The Taboo Issue, Radiant No.13 Editor’s Note

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Published: July 30, 2019

the taboo issue

New York City, 2006. I was walking down the street not too far from my apartment. I can’t recall now exactly where I was going, but I remember that I had just spent the previous night—and the wee hours of the morning—taking out my microbraids.

Now that the braids were out, I didn’t know what to do with my hair. The period between braids was always the most frustrating for me, as I wasn’t blessed with “good hair” (or so I thought then) and had never been able to style my noncompliant 4C tresses to save my life.

I had stopped perming my hair years before because it always turned out to be a colossal waste of time and money. A single morning run and the hair was done for; one afternoon of tubing on the lake or swimming at the pool and I’d only have the chemical burn scabs as evidence of having permed just days before.

But this natural hair life wasn’t doing me any favors either. My long, thick hair had a wild mind of its own.

While silently contemplating my hair-related frustrations, I walked past a beauty salon, and before I knew it, I was inside asking for a haircut. The stylist asked what type of cut I wanted. I told him I didn’t care: just take it all down and then we can talk about style afterward.

And that’s how I unceremoniously began my low-cut journey. I loved it and lived hairpily ever after.

Well, almost. After years of short fros, more braids, and traditional locs, I finally joined the sisterlocks gang last year. It’s a decision I’m happy with, though the early months proved tricky. My much shorter front locks kept unlocking from sweat with my fairly intense workout schedule, and I stressed out when I had to do an underwater body composition measurement shortly after installing my locs. Even now, with summer here I’m low-key timing my pool time close to my lock-retightening appointment.

The notion that hair is the number one impediment to black women engaging in cardio exercise, swimming or physical activity in general should come as no surprise. Even though we’ve been sold the Kool-Aid of natural hair as the be-all-end-all solution, naturalistas struggle with this dilemma as well. But the unseemly vanity of it all keeps us from acknowledging the larger implications.

So when I attended the 2019 TEDx Atlanta conference, I was beyond thrilled to hear Trish Miller (interview on page xx) give a riveting talk on child drownings as a public health issue and what we can do about it. Speaking from her perspective as an African American woman, Trish was able to shed light on the role our hair plays in keeping many of us from learning to swim. Still, talking openly about how our hair impacts our health has become its own modern-day taboo.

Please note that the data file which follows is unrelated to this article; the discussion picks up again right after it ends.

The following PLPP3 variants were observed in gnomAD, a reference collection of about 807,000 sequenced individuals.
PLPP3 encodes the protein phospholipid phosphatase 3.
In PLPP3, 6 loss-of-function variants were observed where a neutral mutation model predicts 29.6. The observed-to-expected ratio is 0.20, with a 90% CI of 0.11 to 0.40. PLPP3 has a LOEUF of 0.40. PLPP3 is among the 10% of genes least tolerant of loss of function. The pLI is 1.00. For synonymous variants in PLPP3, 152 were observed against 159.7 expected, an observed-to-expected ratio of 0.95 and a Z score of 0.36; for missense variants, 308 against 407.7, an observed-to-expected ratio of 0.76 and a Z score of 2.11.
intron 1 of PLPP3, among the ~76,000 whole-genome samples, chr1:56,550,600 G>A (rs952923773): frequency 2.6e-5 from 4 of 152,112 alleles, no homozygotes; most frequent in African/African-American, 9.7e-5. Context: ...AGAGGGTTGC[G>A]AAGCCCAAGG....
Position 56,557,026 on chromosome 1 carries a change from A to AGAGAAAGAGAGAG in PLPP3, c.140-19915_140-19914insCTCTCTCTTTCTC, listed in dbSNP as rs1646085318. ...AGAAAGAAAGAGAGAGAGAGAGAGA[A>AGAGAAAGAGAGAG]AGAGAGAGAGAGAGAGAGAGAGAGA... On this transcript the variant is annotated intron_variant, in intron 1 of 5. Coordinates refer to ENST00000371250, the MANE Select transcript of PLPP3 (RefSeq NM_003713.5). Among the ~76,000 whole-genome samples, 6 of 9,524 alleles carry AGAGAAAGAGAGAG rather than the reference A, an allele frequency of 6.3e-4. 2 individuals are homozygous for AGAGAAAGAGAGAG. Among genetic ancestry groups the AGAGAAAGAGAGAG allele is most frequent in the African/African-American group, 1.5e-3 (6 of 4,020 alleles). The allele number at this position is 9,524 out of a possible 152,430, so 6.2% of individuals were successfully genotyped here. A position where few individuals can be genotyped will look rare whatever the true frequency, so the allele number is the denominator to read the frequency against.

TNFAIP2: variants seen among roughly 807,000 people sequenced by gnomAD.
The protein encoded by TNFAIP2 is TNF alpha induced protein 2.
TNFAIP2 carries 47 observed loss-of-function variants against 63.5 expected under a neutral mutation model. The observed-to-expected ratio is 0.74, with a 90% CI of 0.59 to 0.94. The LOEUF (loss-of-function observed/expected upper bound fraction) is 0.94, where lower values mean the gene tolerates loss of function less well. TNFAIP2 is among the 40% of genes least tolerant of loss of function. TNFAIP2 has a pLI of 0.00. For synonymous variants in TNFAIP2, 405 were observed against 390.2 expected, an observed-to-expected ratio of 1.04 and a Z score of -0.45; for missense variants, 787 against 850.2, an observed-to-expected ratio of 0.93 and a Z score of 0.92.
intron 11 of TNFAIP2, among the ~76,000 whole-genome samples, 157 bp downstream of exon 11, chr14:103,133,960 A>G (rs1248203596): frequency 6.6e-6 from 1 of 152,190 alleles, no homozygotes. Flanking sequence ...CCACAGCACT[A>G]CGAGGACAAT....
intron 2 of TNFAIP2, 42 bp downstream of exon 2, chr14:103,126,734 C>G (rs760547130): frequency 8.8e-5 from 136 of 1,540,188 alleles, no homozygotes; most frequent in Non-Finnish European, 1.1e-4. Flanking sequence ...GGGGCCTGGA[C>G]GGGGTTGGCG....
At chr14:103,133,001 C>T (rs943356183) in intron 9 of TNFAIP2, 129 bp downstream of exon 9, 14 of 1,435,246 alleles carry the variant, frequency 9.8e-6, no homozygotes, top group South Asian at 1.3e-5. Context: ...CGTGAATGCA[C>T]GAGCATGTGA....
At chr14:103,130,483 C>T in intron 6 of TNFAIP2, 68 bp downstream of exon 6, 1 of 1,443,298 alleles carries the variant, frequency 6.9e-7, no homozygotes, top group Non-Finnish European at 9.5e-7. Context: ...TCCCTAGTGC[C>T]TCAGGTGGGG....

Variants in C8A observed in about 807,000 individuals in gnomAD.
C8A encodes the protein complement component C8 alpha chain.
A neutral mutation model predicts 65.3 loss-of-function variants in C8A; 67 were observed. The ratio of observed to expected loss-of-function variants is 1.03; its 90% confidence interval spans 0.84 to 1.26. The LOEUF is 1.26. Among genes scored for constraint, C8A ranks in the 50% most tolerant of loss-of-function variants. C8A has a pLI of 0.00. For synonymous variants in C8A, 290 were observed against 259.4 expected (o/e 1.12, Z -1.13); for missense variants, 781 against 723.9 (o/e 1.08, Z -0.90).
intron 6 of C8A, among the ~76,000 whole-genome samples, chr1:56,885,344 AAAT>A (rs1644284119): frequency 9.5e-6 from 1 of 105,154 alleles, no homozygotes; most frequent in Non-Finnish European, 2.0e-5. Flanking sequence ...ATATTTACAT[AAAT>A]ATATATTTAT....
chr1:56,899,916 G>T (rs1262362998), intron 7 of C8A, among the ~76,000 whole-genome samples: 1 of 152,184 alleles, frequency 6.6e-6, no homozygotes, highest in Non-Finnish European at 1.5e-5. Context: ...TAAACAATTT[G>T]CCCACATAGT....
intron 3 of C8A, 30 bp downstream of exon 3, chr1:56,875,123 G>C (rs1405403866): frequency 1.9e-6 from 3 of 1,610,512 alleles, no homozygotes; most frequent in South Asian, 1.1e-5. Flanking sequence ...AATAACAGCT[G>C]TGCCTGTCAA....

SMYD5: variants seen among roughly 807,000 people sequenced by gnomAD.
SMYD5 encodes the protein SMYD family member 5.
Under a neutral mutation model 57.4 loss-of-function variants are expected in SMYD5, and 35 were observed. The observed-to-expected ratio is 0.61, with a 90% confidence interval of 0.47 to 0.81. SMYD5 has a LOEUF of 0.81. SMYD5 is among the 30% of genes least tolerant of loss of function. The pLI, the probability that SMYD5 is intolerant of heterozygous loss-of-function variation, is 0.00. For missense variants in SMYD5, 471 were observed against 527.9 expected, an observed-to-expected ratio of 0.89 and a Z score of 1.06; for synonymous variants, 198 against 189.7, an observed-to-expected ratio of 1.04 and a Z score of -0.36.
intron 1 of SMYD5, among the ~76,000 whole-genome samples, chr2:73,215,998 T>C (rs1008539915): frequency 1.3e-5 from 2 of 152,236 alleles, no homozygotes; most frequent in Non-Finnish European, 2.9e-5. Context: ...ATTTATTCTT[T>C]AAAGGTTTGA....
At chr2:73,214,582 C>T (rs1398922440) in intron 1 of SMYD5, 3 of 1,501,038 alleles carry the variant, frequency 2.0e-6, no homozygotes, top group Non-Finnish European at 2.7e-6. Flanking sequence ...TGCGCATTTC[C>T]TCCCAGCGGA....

Taboos these days aren’t manifested in stonings or shunning, but in more subtle, insidious patterns. Public enough for community gossip, lamentation, and shaming, but never open enough to foster meaningful dialogue toward a collective resolution. We pride ourselves in having transcended the cultural biases of our parent’s generation, yet we still passively perpetuate them in silence.

Pregnant out of wedlock? Abomination!

Divorced? God forbid. It is not my portion!

Infertile? Tufiakwa! She must have had many abortions in her youth.

Three miscarriages in a row? Witch!

Meanwhile, all of these are everyday occurrences, even more common than unsuccessful people with talent. Yet we pretend they are rare events that should not be spoken of lest we risk unleashing their full force on society.

This pretense hasn’t served us well.

Our aim with issue 13, The Taboo Issue, is to start a conversation around cultural taboos both ancient and modern, and more important, to share stories of women bucking the trend so that others walking these paths can know they’re not alone.

We figured if we were going to mess around with number 13, be it lucky or unlucky, we’d better make it something to talk about! In addition to Trish Miller’s story of her near-drowning experience, you’ll get the straight dope on cannabis from Sheena Roberson and Dr. Lakisha Jenkins, learn the benefits of masturbation from the women of Afrosexology, and hear two powerful firsthand accounts of divorce from Eno Inwek and Dr. Toyin Falusi.

This issue also delves into the genesis of nude hosiery for black women with groundbreaking entrepreneur Ade Hassan, as well as topics including eating disorders in black women, plastic surgery as the last beauty taboo, the rise of genderless fashion, and more.

the taboo issue

Topping it all off is our fabulous cover girl, actress Annie Ilonzeh, whose discipline and grit is out of this world and served up with a grace and charm that’s utterly refreshing. Her story will no doubt inspire you to take a chance on yourself.

In short, every page of this issue will be a great conversation starter. I hope you run wild with it.

To your health,

Radiant is available in Barnes & Noble stores and other retail outlets. Order your copy online (we ship worldwide!) or check our stockists for a store near you.

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